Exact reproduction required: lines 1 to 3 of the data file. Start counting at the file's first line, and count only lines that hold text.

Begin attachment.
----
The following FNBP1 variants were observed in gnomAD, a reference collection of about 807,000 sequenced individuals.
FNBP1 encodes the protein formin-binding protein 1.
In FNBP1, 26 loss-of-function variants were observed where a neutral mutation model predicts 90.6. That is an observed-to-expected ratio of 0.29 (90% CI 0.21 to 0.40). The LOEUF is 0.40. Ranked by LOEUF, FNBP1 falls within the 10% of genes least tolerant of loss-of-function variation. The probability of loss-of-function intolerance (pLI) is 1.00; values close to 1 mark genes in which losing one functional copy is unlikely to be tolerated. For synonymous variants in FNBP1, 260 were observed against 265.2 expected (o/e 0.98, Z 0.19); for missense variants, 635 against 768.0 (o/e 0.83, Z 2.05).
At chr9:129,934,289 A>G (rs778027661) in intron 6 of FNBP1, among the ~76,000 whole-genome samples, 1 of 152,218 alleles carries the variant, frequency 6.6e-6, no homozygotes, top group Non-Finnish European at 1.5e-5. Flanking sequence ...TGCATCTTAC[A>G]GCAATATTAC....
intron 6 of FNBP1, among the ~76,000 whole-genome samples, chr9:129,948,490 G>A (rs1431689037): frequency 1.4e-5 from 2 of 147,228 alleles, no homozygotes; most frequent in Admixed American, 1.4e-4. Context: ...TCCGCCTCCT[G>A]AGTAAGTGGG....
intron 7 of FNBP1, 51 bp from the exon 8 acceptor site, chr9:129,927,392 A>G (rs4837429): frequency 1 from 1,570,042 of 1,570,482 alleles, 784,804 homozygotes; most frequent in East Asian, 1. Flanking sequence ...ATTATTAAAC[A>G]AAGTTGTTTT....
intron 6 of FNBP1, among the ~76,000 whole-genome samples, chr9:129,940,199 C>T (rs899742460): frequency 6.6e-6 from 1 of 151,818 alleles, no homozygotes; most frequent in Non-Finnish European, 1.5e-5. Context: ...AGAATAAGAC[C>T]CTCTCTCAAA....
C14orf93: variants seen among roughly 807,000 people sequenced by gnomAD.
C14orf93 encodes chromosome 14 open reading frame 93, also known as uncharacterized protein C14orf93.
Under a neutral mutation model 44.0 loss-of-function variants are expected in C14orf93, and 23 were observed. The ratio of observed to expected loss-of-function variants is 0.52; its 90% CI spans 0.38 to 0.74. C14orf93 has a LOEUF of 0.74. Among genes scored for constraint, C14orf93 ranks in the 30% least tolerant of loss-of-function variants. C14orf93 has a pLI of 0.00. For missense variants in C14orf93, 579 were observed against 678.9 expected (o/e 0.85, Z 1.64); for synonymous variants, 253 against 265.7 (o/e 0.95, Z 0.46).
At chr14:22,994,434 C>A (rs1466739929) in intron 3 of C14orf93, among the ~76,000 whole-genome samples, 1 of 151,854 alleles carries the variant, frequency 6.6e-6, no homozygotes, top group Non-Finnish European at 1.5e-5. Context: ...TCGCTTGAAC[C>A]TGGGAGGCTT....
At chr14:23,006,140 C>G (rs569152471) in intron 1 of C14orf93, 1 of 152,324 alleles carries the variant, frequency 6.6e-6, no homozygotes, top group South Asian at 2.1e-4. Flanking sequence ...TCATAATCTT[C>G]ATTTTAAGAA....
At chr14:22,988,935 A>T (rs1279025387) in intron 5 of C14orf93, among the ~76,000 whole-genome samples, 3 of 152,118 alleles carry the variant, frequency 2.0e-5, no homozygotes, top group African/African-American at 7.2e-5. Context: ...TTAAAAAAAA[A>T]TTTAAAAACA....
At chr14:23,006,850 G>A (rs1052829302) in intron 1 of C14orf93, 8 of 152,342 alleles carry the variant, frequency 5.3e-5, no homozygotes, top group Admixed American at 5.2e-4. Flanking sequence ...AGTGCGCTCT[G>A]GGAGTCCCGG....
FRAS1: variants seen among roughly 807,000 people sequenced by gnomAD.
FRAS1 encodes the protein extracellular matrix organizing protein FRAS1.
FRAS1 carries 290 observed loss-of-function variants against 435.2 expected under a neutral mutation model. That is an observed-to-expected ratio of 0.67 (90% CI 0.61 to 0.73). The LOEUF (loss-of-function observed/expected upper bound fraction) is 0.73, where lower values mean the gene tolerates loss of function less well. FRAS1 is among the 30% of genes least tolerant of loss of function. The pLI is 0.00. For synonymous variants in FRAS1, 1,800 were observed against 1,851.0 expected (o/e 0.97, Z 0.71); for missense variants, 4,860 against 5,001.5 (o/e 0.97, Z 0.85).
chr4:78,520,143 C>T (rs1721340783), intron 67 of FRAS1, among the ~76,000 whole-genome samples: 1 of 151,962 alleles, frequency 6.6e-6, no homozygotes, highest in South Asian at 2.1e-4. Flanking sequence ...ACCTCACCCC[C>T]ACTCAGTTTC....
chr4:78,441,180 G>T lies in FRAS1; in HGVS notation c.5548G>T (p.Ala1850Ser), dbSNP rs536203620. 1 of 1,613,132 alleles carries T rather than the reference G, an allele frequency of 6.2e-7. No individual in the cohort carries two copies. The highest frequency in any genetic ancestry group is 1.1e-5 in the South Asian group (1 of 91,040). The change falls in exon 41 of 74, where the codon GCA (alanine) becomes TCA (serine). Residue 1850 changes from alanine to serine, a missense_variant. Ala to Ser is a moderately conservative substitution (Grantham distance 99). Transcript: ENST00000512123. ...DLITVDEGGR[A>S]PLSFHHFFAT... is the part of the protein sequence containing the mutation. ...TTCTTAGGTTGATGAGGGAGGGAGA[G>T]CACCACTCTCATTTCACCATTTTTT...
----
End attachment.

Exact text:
The following FNBP1 variants were observed in gnomAD, a reference collection of about 807,000 sequenced individuals.
FNBP1 encodes the protein formin-binding protein 1.
In FNBP1, 26 loss-of-function variants were observed where a neutral mutation model predicts 90.6. That is an observed-to-expected ratio of 0.29 (90% CI 0.21 to 0.40). The LOEUF is 0.40. Ranked by LOEUF, FNBP1 falls within the 10% of genes least tolerant of loss-of-function variation. The probability of loss-of-function intolerance (pLI) is 1.00; values close to 1 mark genes in which losing one functional copy is unlikely to be tolerated. For synonymous variants in FNBP1, 260 were observed against 265.2 expected (o/e 0.98, Z 0.19); for missense variants, 635 against 768.0 (o/e 0.83, Z 2.05).